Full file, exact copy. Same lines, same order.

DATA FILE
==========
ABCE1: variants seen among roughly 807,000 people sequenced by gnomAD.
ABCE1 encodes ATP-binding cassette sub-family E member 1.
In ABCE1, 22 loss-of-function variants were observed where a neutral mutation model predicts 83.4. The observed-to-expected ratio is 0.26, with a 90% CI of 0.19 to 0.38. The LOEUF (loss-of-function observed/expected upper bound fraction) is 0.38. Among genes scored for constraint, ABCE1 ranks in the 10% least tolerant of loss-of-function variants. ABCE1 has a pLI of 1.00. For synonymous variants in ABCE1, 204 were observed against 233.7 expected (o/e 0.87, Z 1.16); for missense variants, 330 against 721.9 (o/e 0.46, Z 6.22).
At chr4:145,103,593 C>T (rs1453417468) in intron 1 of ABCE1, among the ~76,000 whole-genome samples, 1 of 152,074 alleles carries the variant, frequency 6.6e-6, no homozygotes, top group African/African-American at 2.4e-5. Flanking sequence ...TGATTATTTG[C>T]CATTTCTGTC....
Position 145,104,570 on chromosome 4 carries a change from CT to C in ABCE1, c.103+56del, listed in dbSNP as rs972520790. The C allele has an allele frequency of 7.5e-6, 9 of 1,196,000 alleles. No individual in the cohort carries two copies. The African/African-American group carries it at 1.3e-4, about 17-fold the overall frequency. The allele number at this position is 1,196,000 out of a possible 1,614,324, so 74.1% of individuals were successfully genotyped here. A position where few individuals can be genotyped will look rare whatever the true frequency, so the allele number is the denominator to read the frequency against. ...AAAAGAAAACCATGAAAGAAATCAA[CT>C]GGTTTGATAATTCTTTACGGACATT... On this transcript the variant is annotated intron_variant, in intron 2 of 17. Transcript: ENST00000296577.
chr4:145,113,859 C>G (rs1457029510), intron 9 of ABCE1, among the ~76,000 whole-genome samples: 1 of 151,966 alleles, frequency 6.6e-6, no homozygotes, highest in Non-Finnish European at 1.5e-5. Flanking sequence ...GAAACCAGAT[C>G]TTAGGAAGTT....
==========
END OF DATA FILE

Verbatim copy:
ABCE1: variants seen among roughly 807,000 people sequenced by gnomAD.
ABCE1 encodes ATP-binding cassette sub-family E member 1.
In ABCE1, 22 loss-of-function variants were observed where a neutral mutation model predicts 83.4. The observed-to-expected ratio is 0.26, with a 90% CI of 0.19 to 0.38. The LOEUF (loss-of-function observed/expected upper bound fraction) is 0.38. Among genes scored for constraint, ABCE1 ranks in the 10% least tolerant of loss-of-function variants. ABCE1 has a pLI of 1.00. For synonymous variants in ABCE1, 204 were observed against 233.7 expected (o/e 0.87, Z 1.16); for missense variants, 330 against 721.9 (o/e 0.46, Z 6.22).
At chr4:145,103,593 C>T (rs1453417468) in intron 1 of ABCE1, among the ~76,000 whole-genome samples, 1 of 152,074 alleles carries the variant, frequency 6.6e-6, no homozygotes, top group African/African-American at 2.4e-5. Flanking sequence ...TGATTATTTG[C>T]CATTTCTGTC....
Position 145,104,570 on chromosome 4 carries a change from CT to C in ABCE1, c.103+56del, listed in dbSNP as rs972520790. The C allele has an allele frequency of 7.5e-6, 9 of 1,196,000 alleles. No individual in the cohort carries two copies. The African/African-American group carries it at 1.3e-4, about 17-fold the overall frequency. The allele number at this position is 1,196,000 out of a possible 1,614,324, so 74.1% of individuals were successfully genotyped here. A position where few individuals can be genotyped will look rare whatever the true frequency, so the allele number is the denominator to read the frequency against. ...AAAAGAAAACCATGAAAGAAATCAA[CT>C]GGTTTGATAATTCTTTACGGACATT... On this transcript the variant is annotated intron_variant, in intron 2 of 17. Transcript: ENST00000296577.
chr4:145,113,859 C>G (rs1457029510), intron 9 of ABCE1, among the ~76,000 whole-genome samples: 1 of 151,966 alleles, frequency 6.6e-6, no homozygotes, highest in Non-Finnish European at 1.5e-5. Flanking sequence ...GAAACCAGAT[C>G]TTAGGAAGTT....